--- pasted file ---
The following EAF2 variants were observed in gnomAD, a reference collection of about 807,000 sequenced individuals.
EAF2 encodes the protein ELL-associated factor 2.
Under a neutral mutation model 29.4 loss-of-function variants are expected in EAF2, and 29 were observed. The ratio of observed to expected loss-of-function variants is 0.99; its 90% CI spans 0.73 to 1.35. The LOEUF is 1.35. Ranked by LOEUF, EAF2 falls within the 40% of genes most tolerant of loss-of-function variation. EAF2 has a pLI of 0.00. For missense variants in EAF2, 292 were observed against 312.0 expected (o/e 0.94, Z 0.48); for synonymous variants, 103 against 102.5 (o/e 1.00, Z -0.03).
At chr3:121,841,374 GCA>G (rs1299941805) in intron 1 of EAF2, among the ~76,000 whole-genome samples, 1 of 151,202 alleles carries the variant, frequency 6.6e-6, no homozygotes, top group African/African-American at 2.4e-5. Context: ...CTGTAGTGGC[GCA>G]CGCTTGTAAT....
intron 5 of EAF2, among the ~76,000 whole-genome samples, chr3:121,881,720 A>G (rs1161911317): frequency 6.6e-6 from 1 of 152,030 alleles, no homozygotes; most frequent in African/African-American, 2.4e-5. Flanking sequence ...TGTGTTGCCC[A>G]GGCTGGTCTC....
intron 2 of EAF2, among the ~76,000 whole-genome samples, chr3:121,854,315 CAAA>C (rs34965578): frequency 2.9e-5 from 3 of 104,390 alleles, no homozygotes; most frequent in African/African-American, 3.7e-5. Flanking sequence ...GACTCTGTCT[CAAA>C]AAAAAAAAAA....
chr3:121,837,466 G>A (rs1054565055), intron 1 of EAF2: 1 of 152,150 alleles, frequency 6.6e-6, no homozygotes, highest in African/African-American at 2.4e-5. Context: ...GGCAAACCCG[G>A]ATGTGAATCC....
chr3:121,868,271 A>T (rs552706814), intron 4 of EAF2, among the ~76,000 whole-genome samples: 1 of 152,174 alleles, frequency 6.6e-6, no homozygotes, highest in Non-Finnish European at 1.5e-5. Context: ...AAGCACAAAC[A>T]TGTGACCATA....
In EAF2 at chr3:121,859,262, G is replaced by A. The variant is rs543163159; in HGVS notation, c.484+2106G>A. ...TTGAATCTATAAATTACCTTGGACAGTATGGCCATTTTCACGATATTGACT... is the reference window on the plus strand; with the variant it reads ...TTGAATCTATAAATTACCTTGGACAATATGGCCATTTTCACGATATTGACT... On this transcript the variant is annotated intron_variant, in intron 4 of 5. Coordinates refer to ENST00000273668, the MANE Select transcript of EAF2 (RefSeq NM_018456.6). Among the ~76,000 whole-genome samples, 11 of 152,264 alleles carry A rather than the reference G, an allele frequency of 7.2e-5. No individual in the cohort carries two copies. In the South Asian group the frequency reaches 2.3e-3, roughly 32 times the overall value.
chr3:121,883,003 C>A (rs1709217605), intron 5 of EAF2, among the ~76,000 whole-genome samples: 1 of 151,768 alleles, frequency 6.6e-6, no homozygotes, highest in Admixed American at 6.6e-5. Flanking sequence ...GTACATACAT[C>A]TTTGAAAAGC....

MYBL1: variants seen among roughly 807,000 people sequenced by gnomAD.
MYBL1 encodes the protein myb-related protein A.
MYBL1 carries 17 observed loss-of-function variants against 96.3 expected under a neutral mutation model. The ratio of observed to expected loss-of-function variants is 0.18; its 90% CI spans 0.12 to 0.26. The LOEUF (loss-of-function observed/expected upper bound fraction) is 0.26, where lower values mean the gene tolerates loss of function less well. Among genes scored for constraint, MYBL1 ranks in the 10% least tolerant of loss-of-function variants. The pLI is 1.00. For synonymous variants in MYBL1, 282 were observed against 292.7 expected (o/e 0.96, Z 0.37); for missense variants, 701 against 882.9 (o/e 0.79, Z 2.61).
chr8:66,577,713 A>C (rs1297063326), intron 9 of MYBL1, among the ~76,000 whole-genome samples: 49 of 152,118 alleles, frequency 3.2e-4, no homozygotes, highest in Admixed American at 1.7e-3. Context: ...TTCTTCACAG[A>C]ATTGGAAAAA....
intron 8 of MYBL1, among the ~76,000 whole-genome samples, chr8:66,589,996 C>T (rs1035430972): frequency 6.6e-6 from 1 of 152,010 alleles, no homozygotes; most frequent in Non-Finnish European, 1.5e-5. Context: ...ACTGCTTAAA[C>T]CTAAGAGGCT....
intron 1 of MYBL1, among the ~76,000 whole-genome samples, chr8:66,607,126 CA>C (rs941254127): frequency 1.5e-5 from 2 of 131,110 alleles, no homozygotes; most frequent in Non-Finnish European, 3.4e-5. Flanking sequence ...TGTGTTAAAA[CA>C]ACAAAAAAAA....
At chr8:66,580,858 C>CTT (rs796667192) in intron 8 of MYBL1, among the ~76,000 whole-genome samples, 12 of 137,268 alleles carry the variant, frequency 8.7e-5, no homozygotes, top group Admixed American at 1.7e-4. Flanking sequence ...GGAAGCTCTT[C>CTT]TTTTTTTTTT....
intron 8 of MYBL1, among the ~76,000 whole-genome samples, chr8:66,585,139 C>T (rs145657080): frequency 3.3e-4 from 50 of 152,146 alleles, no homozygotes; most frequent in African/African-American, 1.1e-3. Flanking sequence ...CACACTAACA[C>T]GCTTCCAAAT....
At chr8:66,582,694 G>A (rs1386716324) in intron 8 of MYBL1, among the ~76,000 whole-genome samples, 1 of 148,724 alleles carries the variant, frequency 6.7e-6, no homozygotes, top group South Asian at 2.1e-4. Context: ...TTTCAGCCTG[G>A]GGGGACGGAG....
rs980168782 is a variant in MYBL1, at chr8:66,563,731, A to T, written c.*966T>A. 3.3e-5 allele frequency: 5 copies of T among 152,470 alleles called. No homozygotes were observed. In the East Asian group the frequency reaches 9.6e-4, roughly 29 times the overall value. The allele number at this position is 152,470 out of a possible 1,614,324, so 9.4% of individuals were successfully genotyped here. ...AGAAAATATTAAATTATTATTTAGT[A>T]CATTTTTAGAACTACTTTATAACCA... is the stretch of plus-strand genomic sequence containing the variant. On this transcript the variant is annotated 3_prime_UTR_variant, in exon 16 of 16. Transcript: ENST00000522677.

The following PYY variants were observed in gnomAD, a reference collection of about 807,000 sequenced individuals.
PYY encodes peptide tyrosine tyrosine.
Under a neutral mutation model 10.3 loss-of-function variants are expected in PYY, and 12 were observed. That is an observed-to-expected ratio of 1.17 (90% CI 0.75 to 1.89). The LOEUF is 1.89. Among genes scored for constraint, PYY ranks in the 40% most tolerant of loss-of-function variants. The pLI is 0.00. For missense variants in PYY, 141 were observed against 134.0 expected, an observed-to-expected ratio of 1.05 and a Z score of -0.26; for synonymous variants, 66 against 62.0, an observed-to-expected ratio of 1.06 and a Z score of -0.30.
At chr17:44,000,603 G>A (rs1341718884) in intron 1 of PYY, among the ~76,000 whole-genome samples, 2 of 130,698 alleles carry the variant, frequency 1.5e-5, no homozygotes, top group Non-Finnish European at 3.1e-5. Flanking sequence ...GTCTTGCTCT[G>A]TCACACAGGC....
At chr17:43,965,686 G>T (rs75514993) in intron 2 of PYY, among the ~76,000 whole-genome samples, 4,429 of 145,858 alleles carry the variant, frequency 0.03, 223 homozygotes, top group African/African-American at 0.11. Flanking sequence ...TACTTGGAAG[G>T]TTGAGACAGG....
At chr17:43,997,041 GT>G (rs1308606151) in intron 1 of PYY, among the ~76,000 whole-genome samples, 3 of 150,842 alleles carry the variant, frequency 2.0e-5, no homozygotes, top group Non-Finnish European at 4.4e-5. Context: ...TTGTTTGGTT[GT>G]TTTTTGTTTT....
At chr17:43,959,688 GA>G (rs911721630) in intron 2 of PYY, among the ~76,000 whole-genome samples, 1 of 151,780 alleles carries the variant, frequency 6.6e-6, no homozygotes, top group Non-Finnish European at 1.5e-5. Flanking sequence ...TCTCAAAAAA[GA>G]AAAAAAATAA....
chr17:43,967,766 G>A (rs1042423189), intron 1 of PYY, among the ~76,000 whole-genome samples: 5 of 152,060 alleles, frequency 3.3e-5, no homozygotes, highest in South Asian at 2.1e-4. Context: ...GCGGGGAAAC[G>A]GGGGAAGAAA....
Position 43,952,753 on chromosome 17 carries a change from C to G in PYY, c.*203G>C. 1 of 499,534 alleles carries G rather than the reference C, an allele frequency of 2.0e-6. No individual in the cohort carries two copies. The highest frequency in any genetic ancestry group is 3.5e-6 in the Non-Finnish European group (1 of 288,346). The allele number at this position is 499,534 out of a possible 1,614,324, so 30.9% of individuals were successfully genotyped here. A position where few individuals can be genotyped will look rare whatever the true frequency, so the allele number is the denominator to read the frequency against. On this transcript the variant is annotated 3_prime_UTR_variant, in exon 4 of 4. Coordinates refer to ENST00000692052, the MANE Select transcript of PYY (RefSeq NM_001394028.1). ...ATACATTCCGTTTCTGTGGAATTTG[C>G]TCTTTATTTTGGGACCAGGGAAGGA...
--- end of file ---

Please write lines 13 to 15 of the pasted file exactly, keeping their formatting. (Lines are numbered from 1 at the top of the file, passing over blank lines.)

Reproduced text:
MYBL1 carries 17 observed loss-of-function variants against 96.3 expected under a neutral mutation model. The ratio of observed to expected loss-of-function variants is 0.18; its 90% CI spans 0.12 to 0.26. The LOEUF (loss-of-function observed/expected upper bound fraction) is 0.26, where lower values mean the gene tolerates loss of function less well. Among genes scored for constraint, MYBL1 ranks in the 10% least tolerant of loss-of-function variants. The pLI is 1.00. For synonymous variants in MYBL1, 282 were observed against 292.7 expected (o/e 0.96, Z 0.37); for missense variants, 701 against 882.9 (o/e 0.79, Z 2.61).
chr8:66,577,713 A>C (rs1297063326), intron 9 of MYBL1, among the ~76,000 whole-genome samples: 49 of 152,118 alleles, frequency 3.2e-4, no homozygotes, highest in Admixed American at 1.7e-3. Context: ...TTCTTCACAG[A>C]ATTGGAAAAA....
intron 8 of MYBL1, among the ~76,000 whole-genome samples, chr8:66,589,996 C>T (rs1035430972): frequency 6.6e-6 from 1 of 152,010 alleles, no homozygotes; most frequent in Non-Finnish European, 1.5e-5. Context: ...ACTGCTTAAA[C>T]CTAAGAGGCT....